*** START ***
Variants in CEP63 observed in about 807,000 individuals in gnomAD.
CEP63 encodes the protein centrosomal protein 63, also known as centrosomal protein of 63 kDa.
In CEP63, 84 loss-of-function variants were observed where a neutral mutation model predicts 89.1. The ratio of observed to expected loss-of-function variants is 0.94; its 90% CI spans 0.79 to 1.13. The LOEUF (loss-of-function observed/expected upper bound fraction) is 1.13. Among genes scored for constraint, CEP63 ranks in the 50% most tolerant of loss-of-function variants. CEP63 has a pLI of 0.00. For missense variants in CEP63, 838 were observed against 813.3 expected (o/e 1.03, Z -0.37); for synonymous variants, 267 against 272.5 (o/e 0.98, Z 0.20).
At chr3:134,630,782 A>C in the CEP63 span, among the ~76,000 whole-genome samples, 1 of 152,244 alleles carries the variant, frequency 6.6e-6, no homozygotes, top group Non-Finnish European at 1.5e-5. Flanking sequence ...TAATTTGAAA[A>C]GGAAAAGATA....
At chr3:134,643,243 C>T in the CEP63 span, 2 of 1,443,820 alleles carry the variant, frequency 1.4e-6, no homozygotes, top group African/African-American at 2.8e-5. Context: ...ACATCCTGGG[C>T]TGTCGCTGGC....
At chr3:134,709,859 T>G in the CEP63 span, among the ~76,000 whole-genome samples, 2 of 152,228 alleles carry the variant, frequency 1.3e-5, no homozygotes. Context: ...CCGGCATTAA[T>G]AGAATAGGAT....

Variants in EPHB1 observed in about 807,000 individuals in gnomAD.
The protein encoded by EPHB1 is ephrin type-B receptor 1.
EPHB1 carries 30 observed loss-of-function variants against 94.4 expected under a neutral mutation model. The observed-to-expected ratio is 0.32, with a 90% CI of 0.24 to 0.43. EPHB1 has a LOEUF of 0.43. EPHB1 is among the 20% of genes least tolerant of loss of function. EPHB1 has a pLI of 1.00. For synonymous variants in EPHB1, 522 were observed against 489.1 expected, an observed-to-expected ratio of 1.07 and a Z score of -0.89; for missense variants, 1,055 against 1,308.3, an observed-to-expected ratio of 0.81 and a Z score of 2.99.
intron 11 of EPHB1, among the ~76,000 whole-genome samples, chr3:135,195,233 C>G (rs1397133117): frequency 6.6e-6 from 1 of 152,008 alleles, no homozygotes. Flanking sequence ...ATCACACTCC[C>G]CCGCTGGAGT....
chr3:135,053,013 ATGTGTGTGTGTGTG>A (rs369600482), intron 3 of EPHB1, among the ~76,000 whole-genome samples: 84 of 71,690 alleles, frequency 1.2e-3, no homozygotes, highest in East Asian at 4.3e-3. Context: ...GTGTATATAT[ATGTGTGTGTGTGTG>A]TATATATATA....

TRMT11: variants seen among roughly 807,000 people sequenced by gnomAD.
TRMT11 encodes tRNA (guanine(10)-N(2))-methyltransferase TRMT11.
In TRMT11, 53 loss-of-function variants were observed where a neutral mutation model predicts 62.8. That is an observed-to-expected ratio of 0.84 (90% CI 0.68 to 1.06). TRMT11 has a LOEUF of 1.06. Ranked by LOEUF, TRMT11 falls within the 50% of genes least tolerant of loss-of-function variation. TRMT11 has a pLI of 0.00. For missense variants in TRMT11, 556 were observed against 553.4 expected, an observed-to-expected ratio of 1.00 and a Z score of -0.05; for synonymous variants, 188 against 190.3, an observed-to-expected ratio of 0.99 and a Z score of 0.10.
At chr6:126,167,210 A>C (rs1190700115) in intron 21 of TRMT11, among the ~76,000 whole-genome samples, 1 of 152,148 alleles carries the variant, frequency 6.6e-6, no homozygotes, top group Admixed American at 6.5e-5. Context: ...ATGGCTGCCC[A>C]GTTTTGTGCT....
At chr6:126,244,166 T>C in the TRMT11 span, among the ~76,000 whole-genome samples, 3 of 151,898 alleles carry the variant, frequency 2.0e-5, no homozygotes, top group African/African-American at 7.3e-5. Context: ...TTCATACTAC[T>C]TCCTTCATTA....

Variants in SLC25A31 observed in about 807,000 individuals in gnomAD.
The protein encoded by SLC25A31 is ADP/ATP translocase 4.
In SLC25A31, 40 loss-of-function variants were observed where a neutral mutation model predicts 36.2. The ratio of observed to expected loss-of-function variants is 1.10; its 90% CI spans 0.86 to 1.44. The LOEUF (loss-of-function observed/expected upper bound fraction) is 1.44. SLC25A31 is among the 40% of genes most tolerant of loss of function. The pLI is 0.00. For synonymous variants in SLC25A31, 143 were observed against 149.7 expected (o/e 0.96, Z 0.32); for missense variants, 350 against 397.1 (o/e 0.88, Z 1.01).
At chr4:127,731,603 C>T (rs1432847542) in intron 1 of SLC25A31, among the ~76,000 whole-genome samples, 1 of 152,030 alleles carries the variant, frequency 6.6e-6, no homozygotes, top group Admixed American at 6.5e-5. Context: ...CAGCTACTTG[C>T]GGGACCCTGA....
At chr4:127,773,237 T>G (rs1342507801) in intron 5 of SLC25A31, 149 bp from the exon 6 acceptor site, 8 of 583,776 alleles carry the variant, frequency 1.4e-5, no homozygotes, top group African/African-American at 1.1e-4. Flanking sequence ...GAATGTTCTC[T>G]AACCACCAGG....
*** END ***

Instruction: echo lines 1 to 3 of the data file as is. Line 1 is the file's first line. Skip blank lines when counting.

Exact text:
Variants in CEP63 observed in about 807,000 individuals in gnomAD.
CEP63 encodes the protein centrosomal protein 63, also known as centrosomal protein of 63 kDa.
In CEP63, 84 loss-of-function variants were observed where a neutral mutation model predicts 89.1. The ratio of observed to expected loss-of-function variants is 0.94; its 90% CI spans 0.79 to 1.13. The LOEUF (loss-of-function observed/expected upper bound fraction) is 1.13. Among genes scored for constraint, CEP63 ranks in the 50% most tolerant of loss-of-function variants. CEP63 has a pLI of 0.00. For missense variants in CEP63, 838 were observed against 813.3 expected (o/e 1.03, Z -0.37); for synonymous variants, 267 against 272.5 (o/e 0.98, Z 0.20).